War, young people less and less think of
City, I might not accept a raise," Fit-
"That was a gratuitous comment to
make," Milliken snapped..
"That was a gratuitous offer," Fit-
zgerald retorted, referring to his op-
ponent's rejection of the pay raise.
MILLIKEN ALSO challenged what
he said were statements by Fitzgerald
that he would fire all 19 state depar-
tment heads if he were elected. He said
only 10 such people could be ousted by
the governor since the others are either
electred or appointed by commissions.
Fitzgerald denied every saying he
would fire department heads beyond
the authority of the governor's office.
But Milliken wouldn't drop the issue
"I have very clear documentation of
Senator Fitzgerald's repeated
statements to that effect (that he would
fire all 19 department heads)," the
DESPITE THEIR sharp
disagreements over PBB, the two found
themselves enunciating similar stances
on some side issues.
Both said they would oppose a
referendum to cancel motor vehicle
weight taxes that were approved by the
legislature in September. The can-
didates also questioned the disposal of
nuclear wastes in the state and said
they were against offshore drilling for
oil and gas in the Great Lakes.
themselves as a separate category,"
The former councilman speculates
the increase in student registration is
also due to "young persons making up
for the fact that they did not register
when they were at their parents' houses
during the summer."
Kenworthy added that during years
of a presidential election, students don't
register but this year's drinking age
proposal on the ballot prompted them to
register when they returned to school in
ALTHOUGH not formally organizing
a drive to increase student registration,
local Republicans have urged them to
vote Republican and reverse the
students' traditional Democratic
But Bill Kearns, Republican Rep.
Carl-Pursell's press secretary, said the.
increase is "great and the more people:
who vote, the better the decisions."
Kearns said the rise in student
registration doesn't threaten Pursell"s "
chances for re-election and stressed
that more students should be
registered, regardless of their political
"Even if we are threatened, that's the
way it should be,"said Kearns.
KUALA LUMPUR Frm54
The Friendly Tour Store on the Corner
601 E. WILUAM
ANN ARBOR, MICH.
By SHELLEY WOLSON
Although the race for the 53rd
district's state representative hasn't,
been characterizedby the vicious back-
biting of other campaigns, it never-
theless has had its share of debate and:.
It's the issues that separate the two,
candidates in this race, with incumbent
Democrat Perry Bullard facing -
Republican challenger and political
newcomer Doug Buchanan. But
Buchanan also faces another tough-.
issue-Bullard's record as an experien-
THE HEADLEE proposal, which,;
would limit state taxes and spending to
the present 9.5 per cent of Michigan's
combined personal income, has been
Bullard and Buchanan's major issue of
Bullard has repeatedly warned
voters that Headlee's passage will cut
into education and social service funds.,
Bullard is also worried over the treat-
ment of the aged, which he says will not
improve if Headlee is implemented.
Buchanan, however, says Headlee.
will not affect funds for education. His a
major campaign thrust has been to.
echo the general Republican desire to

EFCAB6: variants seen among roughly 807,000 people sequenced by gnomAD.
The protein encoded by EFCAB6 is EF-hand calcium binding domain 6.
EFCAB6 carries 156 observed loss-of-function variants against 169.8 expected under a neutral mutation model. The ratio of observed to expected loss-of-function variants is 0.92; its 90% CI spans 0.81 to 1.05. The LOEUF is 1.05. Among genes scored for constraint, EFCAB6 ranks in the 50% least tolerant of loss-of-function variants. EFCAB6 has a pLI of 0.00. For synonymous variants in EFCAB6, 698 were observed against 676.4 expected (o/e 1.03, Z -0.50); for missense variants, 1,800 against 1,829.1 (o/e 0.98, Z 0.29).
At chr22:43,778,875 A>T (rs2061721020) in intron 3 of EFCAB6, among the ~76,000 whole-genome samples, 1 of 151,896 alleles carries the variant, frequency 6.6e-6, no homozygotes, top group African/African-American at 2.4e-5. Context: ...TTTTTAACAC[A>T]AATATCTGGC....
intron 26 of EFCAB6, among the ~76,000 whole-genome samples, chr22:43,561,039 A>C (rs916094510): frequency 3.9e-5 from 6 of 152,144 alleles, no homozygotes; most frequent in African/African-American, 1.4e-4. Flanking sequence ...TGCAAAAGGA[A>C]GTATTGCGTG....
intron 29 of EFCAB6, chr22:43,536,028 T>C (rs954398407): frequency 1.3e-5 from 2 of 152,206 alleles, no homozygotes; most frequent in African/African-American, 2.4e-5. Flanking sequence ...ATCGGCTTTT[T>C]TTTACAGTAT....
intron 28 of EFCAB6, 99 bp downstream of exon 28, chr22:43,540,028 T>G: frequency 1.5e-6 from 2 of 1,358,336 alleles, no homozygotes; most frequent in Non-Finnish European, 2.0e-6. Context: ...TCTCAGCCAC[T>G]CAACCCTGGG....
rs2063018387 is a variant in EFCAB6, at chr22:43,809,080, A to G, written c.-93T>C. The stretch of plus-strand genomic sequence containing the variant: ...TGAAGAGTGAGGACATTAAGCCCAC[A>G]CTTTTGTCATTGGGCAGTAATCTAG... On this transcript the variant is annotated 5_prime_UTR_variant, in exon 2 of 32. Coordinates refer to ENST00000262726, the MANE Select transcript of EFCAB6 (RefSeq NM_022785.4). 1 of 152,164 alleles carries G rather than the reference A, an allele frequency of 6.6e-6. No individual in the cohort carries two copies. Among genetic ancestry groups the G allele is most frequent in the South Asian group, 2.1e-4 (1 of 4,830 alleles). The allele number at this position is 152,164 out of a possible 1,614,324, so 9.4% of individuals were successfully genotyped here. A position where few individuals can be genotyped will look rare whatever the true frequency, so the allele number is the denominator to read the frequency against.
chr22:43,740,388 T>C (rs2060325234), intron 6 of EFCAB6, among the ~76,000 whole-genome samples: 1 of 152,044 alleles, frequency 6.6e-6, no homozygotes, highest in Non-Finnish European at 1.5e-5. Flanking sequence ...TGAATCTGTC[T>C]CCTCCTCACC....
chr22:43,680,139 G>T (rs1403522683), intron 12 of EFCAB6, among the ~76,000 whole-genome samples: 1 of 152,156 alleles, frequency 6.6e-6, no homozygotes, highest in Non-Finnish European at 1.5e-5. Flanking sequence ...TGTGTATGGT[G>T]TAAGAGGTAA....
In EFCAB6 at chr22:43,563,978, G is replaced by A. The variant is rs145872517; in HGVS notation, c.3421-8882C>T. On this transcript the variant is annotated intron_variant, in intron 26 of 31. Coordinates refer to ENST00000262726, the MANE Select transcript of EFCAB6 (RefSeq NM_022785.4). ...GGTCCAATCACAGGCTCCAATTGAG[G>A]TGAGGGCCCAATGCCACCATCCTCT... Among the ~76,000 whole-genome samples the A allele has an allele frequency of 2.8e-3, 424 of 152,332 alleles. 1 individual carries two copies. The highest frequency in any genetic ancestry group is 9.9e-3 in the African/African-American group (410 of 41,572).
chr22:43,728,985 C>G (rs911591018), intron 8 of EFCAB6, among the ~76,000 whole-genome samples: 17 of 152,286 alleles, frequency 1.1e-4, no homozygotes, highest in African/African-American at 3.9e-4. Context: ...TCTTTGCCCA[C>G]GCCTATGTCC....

cut down on government spending.
OTHER ISSUES the two state
representative hopefuls are divided on
include divestiture of University
holdings with corporations that operate
in South Africa, and proposal A, which
vould reconvene the state con-
stitutional convention. Bullard supports
the proposal and divestiture, while
Buchanan objects to both.
Bullard also favors an economic
boycott of states who haven't ratifie'd
the ERA, while Buchanan, though he
favors ratification, opposes such
Bullard and Buchanan hold similar
views on marijuana, with Buchanan
favoring immediate legalization and
Bullard calling for decriminalization as,
a first step. The state candidates also.
agree on the need for more government,
involvement in solar and nuclear
But 27-year-old Buchanan's major
obstacle has been to overcome his op-
ponent's six years worth of familiarity, w
with the voters. Buchanan chose., to..
conduct a strict door-to-door campaign,..
covering every precinct in the 53rd
The 36-year-old Bullard, meanwhile,
made appearances at several fun-.
draisers and organizations, with dorms,
serving one of his major priorities, sin-
ce he worried about incoming freshper-
sons' unfamiliarity with his record.
The award-winning bestseller*-now in paperback
"A chunk of history full of
and rich in political skull-
duggery, financial schem-
innovation, and medical
cadence."-N. Y Times
"The most stirring drama
of its kind in the nation's
Month Club News
3354 East Washtenaw Avenue
(Across from Arborlond Shopping Center)
On West Stadium Blvd.
(Just North of Intersection of Stadium
Have you considered
whtanM in ACOUnting
can mean to you?
Even if you have never had a single hour of accounting in
any of your college courses, you can take advantage of this
opportunity to build a solid foundation in accounting
concepts and have a rewarding career in professional
At Northeastern University, you can get a Master of
Science degree in Accounting in 15 months. Designed
especially for non-accounting undergraduates, the North-
eastern program consists of six months of classroom study
in the basics of accounting, three months paid on-the-job
internship with a public accounting firm, and then six
months of intensive study integrating your intern experi-
ences with class study, in preparation for the CPA exam.
I For more information call (617) 437-2714 or write: 14 t
1 Professor Joseph Golemme I
Graduate School of Professional Accountingj
i Northeastern University ;
t 360 Huntington Avenue i
Boston, Mass. 02115
POLICY AT MIT
A MASTER OF SCIENCE
PROGRAM designed for persons
wanting to participate in
formulating policies for the
development, use and control of
technology and its consequences.